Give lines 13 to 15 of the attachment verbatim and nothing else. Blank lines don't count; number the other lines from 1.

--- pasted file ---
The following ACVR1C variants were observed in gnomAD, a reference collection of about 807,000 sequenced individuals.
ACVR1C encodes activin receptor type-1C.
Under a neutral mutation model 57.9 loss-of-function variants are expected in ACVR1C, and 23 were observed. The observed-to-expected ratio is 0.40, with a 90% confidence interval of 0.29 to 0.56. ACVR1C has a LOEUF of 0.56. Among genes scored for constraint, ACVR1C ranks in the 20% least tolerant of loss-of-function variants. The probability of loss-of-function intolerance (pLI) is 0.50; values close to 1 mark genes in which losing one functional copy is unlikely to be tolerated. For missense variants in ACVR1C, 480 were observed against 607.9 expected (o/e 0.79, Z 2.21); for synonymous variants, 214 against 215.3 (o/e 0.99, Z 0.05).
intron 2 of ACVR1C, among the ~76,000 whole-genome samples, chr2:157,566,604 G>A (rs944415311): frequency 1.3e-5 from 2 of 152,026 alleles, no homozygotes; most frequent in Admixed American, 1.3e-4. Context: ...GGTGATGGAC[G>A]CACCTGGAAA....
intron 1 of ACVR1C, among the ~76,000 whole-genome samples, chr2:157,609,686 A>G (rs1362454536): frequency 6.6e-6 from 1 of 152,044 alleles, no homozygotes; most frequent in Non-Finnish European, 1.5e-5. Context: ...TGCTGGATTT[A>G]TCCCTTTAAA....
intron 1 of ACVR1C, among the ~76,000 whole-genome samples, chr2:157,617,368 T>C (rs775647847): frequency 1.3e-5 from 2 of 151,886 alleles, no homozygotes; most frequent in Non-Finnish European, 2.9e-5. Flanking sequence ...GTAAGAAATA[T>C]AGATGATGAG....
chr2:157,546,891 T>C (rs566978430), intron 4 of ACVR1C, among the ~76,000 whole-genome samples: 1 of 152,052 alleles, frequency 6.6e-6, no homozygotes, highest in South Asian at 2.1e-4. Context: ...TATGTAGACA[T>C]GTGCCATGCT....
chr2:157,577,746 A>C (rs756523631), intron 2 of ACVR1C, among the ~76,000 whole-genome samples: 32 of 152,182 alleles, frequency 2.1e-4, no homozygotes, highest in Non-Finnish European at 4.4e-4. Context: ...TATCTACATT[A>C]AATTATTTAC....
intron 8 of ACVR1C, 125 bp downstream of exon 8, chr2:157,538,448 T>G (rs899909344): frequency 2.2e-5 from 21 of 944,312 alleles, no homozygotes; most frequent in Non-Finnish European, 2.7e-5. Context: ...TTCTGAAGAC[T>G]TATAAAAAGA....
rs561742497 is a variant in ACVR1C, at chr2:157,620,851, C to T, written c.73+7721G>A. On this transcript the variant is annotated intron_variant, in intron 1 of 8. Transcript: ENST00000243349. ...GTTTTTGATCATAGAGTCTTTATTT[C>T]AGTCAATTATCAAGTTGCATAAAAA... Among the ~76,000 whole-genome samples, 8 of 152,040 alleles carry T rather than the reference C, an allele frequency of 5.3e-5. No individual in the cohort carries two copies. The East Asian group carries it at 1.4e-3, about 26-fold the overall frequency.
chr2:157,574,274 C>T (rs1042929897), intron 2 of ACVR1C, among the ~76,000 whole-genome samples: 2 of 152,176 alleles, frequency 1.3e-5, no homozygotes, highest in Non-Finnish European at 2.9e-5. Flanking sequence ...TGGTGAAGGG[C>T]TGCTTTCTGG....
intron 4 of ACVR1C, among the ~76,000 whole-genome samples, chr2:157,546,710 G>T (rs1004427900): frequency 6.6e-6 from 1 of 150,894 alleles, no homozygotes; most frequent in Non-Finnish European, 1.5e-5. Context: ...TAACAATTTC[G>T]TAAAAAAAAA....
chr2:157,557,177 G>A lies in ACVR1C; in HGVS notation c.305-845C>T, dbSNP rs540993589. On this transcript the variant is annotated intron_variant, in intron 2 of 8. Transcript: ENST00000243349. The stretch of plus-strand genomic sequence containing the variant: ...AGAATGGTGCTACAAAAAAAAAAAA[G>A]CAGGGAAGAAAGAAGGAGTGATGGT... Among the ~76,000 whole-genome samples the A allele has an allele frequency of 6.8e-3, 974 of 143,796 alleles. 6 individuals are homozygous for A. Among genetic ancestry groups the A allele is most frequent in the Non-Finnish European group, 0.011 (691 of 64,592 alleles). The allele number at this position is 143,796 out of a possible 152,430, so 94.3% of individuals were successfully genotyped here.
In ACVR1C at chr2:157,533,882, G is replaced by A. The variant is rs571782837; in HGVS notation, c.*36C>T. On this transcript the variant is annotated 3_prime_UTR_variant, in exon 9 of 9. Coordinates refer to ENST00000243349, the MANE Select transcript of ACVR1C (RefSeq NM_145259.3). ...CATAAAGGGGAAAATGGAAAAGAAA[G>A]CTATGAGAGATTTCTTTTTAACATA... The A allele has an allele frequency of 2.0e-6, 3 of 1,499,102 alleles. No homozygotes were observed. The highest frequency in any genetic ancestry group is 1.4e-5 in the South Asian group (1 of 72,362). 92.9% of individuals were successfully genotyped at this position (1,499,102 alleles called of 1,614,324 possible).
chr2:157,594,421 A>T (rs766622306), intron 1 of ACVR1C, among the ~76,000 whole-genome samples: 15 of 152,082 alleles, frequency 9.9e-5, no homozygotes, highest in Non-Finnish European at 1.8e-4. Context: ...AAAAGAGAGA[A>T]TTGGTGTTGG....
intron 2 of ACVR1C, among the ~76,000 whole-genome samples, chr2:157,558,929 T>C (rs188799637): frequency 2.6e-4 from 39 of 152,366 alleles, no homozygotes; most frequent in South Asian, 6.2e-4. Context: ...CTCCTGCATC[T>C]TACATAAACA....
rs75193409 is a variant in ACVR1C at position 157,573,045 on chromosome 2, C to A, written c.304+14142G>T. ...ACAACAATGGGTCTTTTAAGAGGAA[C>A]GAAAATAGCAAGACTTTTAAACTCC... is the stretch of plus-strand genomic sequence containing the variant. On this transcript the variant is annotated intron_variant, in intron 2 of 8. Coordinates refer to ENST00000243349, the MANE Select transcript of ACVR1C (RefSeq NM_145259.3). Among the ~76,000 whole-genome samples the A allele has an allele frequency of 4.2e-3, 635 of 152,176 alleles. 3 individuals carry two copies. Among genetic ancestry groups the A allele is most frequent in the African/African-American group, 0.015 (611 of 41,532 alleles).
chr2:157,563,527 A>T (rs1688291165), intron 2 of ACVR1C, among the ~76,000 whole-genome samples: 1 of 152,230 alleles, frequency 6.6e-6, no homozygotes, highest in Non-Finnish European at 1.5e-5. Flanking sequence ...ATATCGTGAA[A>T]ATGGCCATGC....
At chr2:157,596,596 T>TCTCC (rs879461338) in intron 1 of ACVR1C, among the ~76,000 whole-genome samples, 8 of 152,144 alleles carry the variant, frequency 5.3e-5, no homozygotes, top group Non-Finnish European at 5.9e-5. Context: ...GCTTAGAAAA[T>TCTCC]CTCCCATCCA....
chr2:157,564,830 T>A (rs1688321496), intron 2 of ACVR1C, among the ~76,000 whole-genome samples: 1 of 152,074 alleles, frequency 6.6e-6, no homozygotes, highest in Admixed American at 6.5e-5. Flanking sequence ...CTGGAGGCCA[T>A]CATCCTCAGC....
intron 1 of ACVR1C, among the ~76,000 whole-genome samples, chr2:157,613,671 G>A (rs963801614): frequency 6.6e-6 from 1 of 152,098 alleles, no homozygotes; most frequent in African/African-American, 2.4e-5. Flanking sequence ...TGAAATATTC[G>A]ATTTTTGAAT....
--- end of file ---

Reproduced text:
chr2:157,557,177 G>A lies in ACVR1C; in HGVS notation c.305-845C>T, dbSNP rs540993589. On this transcript the variant is annotated intron_variant, in intron 2 of 8. Transcript: ENST00000243349. The stretch of plus-strand genomic sequence containing the variant: ...AGAATGGTGCTACAAAAAAAAAAAA[G>A]CAGGGAAGAAAGAAGGAGTGATGGT... Among the ~76,000 whole-genome samples the A allele has an allele frequency of 6.8e-3, 974 of 143,796 alleles. 6 individuals are homozygous for A. Among genetic ancestry groups the A allele is most frequent in the Non-Finnish European group, 0.011 (691 of 64,592 alleles). The allele number at this position is 143,796 out of a possible 152,430, so 94.3% of individuals were successfully genotyped here.
In ACVR1C at chr2:157,533,882, G is replaced by A. The variant is rs571782837; in HGVS notation, c.*36C>T. On this transcript the variant is annotated 3_prime_UTR_variant, in exon 9 of 9. Coordinates refer to ENST00000243349, the MANE Select transcript of ACVR1C (RefSeq NM_145259.3). ...CATAAAGGGGAAAATGGAAAAGAAA[G>A]CTATGAGAGATTTCTTTTTAACATA... The A allele has an allele frequency of 2.0e-6, 3 of 1,499,102 alleles. No homozygotes were observed. The highest frequency in any genetic ancestry group is 1.4e-5 in the South Asian group (1 of 72,362). 92.9% of individuals were successfully genotyped at this position (1,499,102 alleles called of 1,614,324 possible).
chr2:157,594,421 A>T (rs766622306), intron 1 of ACVR1C, among the ~76,000 whole-genome samples: 15 of 152,082 alleles, frequency 9.9e-5, no homozygotes, highest in Non-Finnish European at 1.8e-4. Context: ...AAAAGAGAGA[A>T]TTGGTGTTGG....